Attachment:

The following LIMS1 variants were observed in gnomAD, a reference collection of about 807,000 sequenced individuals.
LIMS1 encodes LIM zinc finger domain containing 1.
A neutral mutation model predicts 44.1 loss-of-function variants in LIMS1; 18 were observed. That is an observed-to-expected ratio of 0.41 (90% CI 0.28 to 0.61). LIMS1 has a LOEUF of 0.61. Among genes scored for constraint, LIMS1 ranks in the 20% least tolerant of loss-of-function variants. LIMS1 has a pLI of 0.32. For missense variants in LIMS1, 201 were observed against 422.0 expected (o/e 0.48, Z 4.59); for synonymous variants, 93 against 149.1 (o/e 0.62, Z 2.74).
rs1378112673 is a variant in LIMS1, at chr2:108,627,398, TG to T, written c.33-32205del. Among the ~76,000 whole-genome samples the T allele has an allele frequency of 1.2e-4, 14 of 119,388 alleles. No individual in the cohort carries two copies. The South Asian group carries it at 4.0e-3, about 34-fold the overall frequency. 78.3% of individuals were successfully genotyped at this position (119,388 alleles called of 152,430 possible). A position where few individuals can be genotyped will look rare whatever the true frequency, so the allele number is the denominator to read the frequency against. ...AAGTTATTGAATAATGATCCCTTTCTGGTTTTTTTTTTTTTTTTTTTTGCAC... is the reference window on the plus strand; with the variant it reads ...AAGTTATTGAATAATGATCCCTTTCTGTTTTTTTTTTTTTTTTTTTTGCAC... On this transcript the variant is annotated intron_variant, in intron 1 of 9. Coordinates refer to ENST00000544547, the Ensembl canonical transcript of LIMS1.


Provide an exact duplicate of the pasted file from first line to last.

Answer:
The following LIMS1 variants were observed in gnomAD, a reference collection of about 807,000 sequenced individuals.
LIMS1 encodes LIM zinc finger domain containing 1.
A neutral mutation model predicts 44.1 loss-of-function variants in LIMS1; 18 were observed. That is an observed-to-expected ratio of 0.41 (90% CI 0.28 to 0.61). LIMS1 has a LOEUF of 0.61. Among genes scored for constraint, LIMS1 ranks in the 20% least tolerant of loss-of-function variants. LIMS1 has a pLI of 0.32. For missense variants in LIMS1, 201 were observed against 422.0 expected (o/e 0.48, Z 4.59); for synonymous variants, 93 against 149.1 (o/e 0.62, Z 2.74).
rs1378112673 is a variant in LIMS1, at chr2:108,627,398, TG to T, written c.33-32205del. Among the ~76,000 whole-genome samples the T allele has an allele frequency of 1.2e-4, 14 of 119,388 alleles. No individual in the cohort carries two copies. The South Asian group carries it at 4.0e-3, about 34-fold the overall frequency. 78.3% of individuals were successfully genotyped at this position (119,388 alleles called of 152,430 possible). A position where few individuals can be genotyped will look rare whatever the true frequency, so the allele number is the denominator to read the frequency against. ...AAGTTATTGAATAATGATCCCTTTCTGGTTTTTTTTTTTTTTTTTTTTGCAC... is the reference window on the plus strand; with the variant it reads ...AAGTTATTGAATAATGATCCCTTTCTGTTTTTTTTTTTTTTTTTTTTGCAC... On this transcript the variant is annotated intron_variant, in intron 1 of 9. Coordinates refer to ENST00000544547, the Ensembl canonical transcript of LIMS1.